Measuring the Impact of Establishment Level Agglomeration on Productivity: Industrial specialization and urbanization effects

Author Name KONISHI Yoko  (Fellow, RIETI) /SAITO Yukiko  (Economic Research Center Fujitsu Research Institute)
Creation Date/NO. March 2012 12-J-006
Research Project Decomposition of Economic Fluctuations for Supply and Demand Shocks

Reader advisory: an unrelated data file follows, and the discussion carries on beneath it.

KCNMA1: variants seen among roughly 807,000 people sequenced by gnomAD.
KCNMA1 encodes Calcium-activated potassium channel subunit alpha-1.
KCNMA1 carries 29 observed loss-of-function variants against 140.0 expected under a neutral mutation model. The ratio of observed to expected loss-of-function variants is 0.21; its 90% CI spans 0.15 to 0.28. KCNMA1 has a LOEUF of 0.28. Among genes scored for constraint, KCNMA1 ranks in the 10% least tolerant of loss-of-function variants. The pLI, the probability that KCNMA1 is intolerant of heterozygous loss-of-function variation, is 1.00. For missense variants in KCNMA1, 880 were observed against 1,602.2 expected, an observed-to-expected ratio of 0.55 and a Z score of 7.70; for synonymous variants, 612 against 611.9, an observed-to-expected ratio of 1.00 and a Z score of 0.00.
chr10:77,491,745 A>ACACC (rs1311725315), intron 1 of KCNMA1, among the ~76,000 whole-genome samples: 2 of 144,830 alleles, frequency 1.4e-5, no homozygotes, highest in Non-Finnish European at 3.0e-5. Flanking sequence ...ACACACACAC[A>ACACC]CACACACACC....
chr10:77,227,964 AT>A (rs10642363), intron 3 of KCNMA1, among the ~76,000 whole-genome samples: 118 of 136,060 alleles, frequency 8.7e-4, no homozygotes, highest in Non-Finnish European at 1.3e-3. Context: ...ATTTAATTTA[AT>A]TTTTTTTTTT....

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This paper investigates the effect of agglomeration on the productivity of manufacturing establishments using data from Japan’s Census of Manufactures. For this purpose, we propose a distance-based index defined for each establishment, rather than one based on data aggregated per administrative unit level, as a measurement of agglomeration. Our index is designed to reflect locational heterogeneity within a region as an administrative unit and avoids biases caused by spatial correlations and other problems associated with segmenting data based on administrative boundaries. In addition, we create two different indices to measure two different types of agglomeration—industrial specialization and urbanization—based on data at the four levels of the Japan Standard Industrial Classification (JSIC). Using these indices, we measure the impact these two phenomena have on labor productivity and total factor productivity (TFP) for various industries categorized as growing, declining, labor intensive, and asset intensive. Our analysis finds a positive correlation between the two agglomeration indices as well as labor productivities and both of the indices. Meanwhile, it shows that TFP values, calculated for establishments with 30 employees or more, are positively correlated with the urbanization index, whereas TFP and the industrial specialization index are uncorrelated in most industries and negatively correlated in some. As an exception, we find some industries for which both the industrial and urbanization indices are positively correlated with TFP, all of them categorized as declining. In some of the industries categorized as growing, no correlation is observed between TFP and agglomeration, whether urbanization or industrial specialization. These findings imply that certain attributions—establishment size, industry type, etc.—can serve as a guide for the government in identifying the effective target of cluster promotion policy.